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October 3, 2014

A Nuisance Form Can Be Your Friend

Summary:

The annual business interruption worksheet can be supplemented with information that generates a realistic look at risk -- and cuts premiums.

Photo Courtesy of Daniel

If you are like most companies, the annual ritual of filling out the business interruption worksheet is a nuisance administrative task. The worksheet is generally required by the insurance company to track changes in the business and may be used as the basis to price your program.  Along with general industry knowledge, this worksheet may be the most important item that underwriters have at their disposal to price your risk. However, the worksheet is woefully inadequate to explain the intricacies of most businesses and is biased to err on the high side – which usually means a higher premium for you. For a routine that is regularly glossed over, the results can have some pretty substantial consequences.

The worksheet is meant to estimate the business interruption exposure for the policy period by estimating a value for the coming year. The business interruption value (BI value) is revenue minus certain specific direct variable costs, possibly adjusted to account for the payroll of for skilled wage employees who may be retained even if operations cease for a period. The result is an annual ratable BI value that assumes a complete outage for 12 months with no mitigation.

Only by coincidence can this BI value number come close to a realistic exposure to business interruption loss.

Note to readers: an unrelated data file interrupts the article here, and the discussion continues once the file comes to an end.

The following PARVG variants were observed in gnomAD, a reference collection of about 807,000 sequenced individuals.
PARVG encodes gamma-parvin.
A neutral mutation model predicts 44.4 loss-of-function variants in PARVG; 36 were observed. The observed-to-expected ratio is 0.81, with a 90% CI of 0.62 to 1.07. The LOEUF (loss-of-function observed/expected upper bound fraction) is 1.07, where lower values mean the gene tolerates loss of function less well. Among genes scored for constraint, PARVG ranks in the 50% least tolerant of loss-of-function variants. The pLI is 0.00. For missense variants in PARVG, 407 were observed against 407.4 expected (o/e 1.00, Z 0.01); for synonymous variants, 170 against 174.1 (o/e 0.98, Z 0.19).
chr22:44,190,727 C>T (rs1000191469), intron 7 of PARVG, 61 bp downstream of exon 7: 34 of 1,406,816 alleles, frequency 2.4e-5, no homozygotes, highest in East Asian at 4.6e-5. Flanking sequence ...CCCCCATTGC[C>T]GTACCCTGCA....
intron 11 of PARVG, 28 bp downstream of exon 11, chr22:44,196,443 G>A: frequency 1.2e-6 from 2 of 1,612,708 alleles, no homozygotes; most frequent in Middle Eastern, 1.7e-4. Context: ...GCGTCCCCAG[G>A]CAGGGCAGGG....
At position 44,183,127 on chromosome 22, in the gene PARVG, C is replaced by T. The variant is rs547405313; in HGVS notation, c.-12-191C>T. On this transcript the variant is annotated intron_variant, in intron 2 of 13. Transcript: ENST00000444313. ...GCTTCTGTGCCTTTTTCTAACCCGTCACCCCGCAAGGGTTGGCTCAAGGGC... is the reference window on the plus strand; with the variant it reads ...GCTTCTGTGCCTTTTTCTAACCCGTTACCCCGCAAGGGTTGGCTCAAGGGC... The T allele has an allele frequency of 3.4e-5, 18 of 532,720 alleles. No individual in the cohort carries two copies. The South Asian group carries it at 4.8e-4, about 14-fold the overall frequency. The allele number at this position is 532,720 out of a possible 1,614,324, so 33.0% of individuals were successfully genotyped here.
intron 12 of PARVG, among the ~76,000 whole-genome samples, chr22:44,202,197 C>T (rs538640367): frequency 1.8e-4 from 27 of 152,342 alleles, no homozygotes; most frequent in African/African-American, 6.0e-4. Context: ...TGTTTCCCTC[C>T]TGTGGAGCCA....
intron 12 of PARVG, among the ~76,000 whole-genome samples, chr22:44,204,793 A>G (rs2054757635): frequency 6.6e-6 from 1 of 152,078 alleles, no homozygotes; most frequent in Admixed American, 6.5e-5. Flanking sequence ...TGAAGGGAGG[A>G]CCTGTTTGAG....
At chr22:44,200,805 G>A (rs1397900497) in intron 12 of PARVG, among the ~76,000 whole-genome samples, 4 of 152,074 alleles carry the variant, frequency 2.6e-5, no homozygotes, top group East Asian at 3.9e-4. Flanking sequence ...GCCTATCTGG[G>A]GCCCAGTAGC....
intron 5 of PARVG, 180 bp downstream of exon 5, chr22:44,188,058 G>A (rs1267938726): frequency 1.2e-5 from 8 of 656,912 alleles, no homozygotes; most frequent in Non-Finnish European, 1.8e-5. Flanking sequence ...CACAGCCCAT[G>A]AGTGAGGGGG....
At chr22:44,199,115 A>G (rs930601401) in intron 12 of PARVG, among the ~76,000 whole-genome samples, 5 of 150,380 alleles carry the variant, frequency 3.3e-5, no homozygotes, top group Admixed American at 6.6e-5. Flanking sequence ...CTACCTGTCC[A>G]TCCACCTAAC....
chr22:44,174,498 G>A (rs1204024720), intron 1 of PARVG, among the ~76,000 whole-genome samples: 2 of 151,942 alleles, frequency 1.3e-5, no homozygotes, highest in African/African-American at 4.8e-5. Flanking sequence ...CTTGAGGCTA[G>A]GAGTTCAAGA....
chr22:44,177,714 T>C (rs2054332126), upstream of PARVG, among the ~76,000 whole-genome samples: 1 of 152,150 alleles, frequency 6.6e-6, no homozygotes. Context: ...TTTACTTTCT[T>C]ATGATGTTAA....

What does the ratable BI value tell the underwriter? In theory, the premiums required to cover the risk. How can this be when the number used is so unrealistic?

The underwriter would like to know more about your business. His problem is that he needs some mechanism to measure your risk against others in your industry. The BI values worksheet is an attempt to do this.

But, if the worksheet is so far off, what else can you do to tell your story?

You need to supplement the ratable BI value with information to differentiate your business from the pack. Developing realistic, worst-case loss scenarios, known as maximum foreseeable loss (MFL) and probable maximum loss (PML), and measuring them using a methodology that would actually be used in a claim is a better way to present your exposure. Measuring MFL and PML exposures will allow you to highlight your ability to mitigate losses through business continuity planning (BCM).

Just as improved physical safeguards generate lower premiums, adequate business continuity planning should also result in premium savings. This step is completely missed when providing the worksheet alone.

The effort to identify and measure exposures can be challenging — after all, it is impossible to predict everything that might happen. History of actual claims and current industry experience can be very helpful. In most cases, it is best to tackle this project in manageable pieces and try not to do it all at once. For example, start with the largest or most troublesome businesses or locations and work down from there.

This may end up being a multi-year project that will require some dedicated effort from you and third parties. But chances are the cost of a project like this will be justified by allowing you to make more precise decisions on coverage and possibly reducing premiums.

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About the Author

Bill Myers is a co-founder of RWH Myers. He has more than 30 years of forensic accounting and investigative experience,representing companies across a wide range of industries, including energy and petrochemical,forest products, pharmaceutical, manufacturing, transportation, technology, hospitality, health care, packaging, distribution and retail.

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About the Author

Christopher B. Hess is a partner in the Pittsburgh office of RWH Myers, specializing in the preparation and settlement of large and complex property and business interruption insurance claims for companies in the chemical, mining, manufacturing, communications, financial services, health care, hospitality and retail industries.

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